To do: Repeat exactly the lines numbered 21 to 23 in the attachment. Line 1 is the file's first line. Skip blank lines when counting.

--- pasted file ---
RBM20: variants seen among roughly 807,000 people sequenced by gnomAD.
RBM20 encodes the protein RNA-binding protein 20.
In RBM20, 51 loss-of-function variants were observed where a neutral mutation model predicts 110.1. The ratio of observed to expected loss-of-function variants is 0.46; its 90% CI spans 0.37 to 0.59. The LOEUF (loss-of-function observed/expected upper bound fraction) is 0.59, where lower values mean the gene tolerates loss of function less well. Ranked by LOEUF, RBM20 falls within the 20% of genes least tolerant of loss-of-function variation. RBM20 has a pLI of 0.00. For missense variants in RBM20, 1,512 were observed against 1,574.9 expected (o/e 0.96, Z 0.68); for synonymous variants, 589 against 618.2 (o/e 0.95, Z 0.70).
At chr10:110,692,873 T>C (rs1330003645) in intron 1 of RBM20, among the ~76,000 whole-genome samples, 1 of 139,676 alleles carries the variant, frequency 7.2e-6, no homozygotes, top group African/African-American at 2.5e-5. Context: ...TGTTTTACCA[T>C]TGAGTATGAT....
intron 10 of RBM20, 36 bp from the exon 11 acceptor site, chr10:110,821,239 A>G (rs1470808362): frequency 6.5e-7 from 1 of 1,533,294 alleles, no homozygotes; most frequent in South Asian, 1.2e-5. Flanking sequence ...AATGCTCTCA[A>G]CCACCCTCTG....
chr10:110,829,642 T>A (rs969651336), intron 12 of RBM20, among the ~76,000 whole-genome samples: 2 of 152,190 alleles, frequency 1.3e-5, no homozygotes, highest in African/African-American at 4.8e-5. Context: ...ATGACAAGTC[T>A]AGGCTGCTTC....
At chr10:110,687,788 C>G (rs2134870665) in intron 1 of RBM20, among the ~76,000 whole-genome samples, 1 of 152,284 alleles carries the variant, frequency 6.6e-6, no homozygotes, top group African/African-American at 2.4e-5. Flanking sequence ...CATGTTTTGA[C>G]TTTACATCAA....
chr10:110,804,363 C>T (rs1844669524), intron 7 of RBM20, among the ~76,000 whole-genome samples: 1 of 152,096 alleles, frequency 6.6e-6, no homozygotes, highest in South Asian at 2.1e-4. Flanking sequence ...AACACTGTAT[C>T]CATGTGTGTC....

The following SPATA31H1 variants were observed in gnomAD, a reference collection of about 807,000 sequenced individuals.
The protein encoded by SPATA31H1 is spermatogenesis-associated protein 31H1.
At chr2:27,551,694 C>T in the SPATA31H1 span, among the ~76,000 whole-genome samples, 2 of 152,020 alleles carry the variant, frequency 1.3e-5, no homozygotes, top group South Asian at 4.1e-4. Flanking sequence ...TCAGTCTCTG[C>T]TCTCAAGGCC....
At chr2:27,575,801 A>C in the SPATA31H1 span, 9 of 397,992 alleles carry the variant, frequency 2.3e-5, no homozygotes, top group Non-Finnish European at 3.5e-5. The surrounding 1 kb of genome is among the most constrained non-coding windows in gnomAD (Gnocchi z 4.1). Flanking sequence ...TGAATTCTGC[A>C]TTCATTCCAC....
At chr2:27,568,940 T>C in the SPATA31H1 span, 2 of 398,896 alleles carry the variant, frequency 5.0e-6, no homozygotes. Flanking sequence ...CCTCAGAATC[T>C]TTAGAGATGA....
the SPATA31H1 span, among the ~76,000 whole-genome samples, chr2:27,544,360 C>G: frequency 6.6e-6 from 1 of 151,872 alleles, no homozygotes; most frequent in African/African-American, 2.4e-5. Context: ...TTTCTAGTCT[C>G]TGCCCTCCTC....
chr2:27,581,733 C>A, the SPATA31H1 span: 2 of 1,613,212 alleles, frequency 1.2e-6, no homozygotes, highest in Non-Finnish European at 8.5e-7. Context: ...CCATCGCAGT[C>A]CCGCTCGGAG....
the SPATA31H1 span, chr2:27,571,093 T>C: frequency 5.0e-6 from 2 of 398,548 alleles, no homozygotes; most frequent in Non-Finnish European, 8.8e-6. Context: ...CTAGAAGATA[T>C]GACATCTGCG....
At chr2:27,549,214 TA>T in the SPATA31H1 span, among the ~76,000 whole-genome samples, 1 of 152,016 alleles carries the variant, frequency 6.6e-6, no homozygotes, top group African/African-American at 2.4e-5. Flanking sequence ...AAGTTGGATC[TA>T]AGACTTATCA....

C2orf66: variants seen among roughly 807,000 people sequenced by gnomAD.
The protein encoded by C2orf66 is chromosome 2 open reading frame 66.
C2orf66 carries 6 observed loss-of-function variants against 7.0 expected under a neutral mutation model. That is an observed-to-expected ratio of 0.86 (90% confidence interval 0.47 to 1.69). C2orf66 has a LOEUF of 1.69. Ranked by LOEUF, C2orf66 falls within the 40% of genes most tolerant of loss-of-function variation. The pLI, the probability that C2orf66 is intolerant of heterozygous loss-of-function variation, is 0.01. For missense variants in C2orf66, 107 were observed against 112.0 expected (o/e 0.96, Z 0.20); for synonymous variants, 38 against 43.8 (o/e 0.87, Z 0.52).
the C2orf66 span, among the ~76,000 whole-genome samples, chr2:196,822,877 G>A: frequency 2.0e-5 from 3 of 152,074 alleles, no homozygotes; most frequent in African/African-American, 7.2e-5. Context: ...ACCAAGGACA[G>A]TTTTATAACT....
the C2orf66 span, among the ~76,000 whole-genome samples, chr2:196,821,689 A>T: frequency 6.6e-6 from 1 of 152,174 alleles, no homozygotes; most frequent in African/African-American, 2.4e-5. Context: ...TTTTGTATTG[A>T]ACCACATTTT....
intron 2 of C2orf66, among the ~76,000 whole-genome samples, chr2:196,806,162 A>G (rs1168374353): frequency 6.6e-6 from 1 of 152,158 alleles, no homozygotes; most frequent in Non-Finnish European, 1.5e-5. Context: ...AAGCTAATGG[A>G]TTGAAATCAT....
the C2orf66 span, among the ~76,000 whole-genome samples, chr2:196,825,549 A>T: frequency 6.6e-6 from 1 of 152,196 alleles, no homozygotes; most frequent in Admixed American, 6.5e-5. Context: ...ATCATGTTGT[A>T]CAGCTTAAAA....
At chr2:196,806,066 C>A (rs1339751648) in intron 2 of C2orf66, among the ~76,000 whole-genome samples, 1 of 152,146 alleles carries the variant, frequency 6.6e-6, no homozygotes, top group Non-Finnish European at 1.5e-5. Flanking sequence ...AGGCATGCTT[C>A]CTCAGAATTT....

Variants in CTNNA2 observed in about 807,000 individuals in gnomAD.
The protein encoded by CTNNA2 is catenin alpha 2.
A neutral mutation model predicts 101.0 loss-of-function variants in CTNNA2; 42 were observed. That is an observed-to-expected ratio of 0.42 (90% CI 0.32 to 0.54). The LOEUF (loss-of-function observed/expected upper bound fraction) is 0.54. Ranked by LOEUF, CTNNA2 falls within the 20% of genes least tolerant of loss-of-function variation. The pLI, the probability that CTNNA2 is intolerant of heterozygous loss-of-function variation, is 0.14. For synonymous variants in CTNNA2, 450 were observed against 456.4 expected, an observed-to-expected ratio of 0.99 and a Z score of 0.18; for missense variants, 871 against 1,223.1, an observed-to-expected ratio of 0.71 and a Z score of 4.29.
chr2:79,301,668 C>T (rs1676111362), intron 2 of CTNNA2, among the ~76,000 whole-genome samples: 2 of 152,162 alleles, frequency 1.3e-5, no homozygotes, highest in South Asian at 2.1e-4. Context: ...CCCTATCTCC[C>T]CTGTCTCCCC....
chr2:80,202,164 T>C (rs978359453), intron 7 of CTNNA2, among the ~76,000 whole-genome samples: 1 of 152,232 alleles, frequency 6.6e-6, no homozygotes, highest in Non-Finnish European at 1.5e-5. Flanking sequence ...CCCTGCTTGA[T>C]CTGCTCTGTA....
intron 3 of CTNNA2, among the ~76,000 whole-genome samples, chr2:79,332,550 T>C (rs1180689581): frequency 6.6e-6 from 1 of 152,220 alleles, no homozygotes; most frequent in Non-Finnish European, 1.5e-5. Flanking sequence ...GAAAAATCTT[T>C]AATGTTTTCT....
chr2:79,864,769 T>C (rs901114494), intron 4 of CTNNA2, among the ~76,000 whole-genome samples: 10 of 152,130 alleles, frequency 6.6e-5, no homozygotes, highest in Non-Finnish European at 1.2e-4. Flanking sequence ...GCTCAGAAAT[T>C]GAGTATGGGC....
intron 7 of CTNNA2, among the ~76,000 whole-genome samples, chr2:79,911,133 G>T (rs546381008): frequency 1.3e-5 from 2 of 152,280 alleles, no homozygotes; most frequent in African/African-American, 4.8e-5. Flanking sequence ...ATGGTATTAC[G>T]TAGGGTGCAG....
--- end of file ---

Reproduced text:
the C2orf66 span, among the ~76,000 whole-genome samples, chr2:196,822,877 G>A: frequency 2.0e-5 from 3 of 152,074 alleles, no homozygotes; most frequent in African/African-American, 7.2e-5. Context: ...ACCAAGGACA[G>A]TTTTATAACT....
the C2orf66 span, among the ~76,000 whole-genome samples, chr2:196,821,689 A>T: frequency 6.6e-6 from 1 of 152,174 alleles, no homozygotes; most frequent in African/African-American, 2.4e-5. Context: ...TTTTGTATTG[A>T]ACCACATTTT....
intron 2 of C2orf66, among the ~76,000 whole-genome samples, chr2:196,806,162 A>G (rs1168374353): frequency 6.6e-6 from 1 of 152,158 alleles, no homozygotes; most frequent in Non-Finnish European, 1.5e-5. Context: ...AAGCTAATGG[A>G]TTGAAATCAT....